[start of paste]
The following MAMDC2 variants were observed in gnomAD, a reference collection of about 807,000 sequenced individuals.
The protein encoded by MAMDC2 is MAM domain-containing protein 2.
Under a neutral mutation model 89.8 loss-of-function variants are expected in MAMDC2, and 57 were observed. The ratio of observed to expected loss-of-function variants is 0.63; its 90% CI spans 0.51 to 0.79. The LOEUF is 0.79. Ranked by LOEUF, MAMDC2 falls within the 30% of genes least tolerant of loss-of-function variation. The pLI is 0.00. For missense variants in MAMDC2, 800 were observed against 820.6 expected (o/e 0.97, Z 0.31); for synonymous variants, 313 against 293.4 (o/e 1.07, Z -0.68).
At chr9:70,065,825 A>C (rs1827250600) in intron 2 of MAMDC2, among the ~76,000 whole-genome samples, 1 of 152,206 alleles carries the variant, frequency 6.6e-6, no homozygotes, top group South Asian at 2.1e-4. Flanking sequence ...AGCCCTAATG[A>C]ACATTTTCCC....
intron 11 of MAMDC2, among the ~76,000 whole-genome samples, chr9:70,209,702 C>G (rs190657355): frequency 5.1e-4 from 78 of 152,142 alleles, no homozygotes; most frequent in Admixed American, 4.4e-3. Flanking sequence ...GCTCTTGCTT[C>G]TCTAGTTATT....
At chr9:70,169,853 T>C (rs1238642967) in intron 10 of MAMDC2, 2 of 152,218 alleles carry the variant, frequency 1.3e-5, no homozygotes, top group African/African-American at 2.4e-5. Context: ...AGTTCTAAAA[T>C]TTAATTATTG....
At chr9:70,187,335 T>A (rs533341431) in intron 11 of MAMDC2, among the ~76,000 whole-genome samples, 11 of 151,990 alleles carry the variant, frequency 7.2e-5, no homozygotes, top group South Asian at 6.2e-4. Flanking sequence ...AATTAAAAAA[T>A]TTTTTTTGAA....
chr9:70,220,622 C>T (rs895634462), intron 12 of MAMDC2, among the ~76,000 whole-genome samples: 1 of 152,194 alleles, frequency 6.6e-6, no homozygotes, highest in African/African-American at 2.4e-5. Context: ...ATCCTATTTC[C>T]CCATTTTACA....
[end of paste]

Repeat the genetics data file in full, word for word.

The following MAMDC2 variants were observed in gnomAD, a reference collection of about 807,000 sequenced individuals.
The protein encoded by MAMDC2 is MAM domain-containing protein 2.
Under a neutral mutation model 89.8 loss-of-function variants are expected in MAMDC2, and 57 were observed. The ratio of observed to expected loss-of-function variants is 0.63; its 90% CI spans 0.51 to 0.79. The LOEUF is 0.79. Ranked by LOEUF, MAMDC2 falls within the 30% of genes least tolerant of loss-of-function variation. The pLI is 0.00. For missense variants in MAMDC2, 800 were observed against 820.6 expected (o/e 0.97, Z 0.31); for synonymous variants, 313 against 293.4 (o/e 1.07, Z -0.68).
At chr9:70,065,825 A>C (rs1827250600) in intron 2 of MAMDC2, among the ~76,000 whole-genome samples, 1 of 152,206 alleles carries the variant, frequency 6.6e-6, no homozygotes, top group South Asian at 2.1e-4. Flanking sequence ...AGCCCTAATG[A>C]ACATTTTCCC....
intron 11 of MAMDC2, among the ~76,000 whole-genome samples, chr9:70,209,702 C>G (rs190657355): frequency 5.1e-4 from 78 of 152,142 alleles, no homozygotes; most frequent in Admixed American, 4.4e-3. Flanking sequence ...GCTCTTGCTT[C>G]TCTAGTTATT....
At chr9:70,169,853 T>C (rs1238642967) in intron 10 of MAMDC2, 2 of 152,218 alleles carry the variant, frequency 1.3e-5, no homozygotes, top group African/African-American at 2.4e-5. Context: ...AGTTCTAAAA[T>C]TTAATTATTG....
At chr9:70,187,335 T>A (rs533341431) in intron 11 of MAMDC2, among the ~76,000 whole-genome samples, 11 of 151,990 alleles carry the variant, frequency 7.2e-5, no homozygotes, top group South Asian at 6.2e-4. Flanking sequence ...AATTAAAAAA[T>A]TTTTTTTGAA....
chr9:70,220,622 C>T (rs895634462), intron 12 of MAMDC2, among the ~76,000 whole-genome samples: 1 of 152,194 alleles, frequency 6.6e-6, no homozygotes, highest in African/African-American at 2.4e-5. Context: ...ATCCTATTTC[C>T]CCATTTTACA....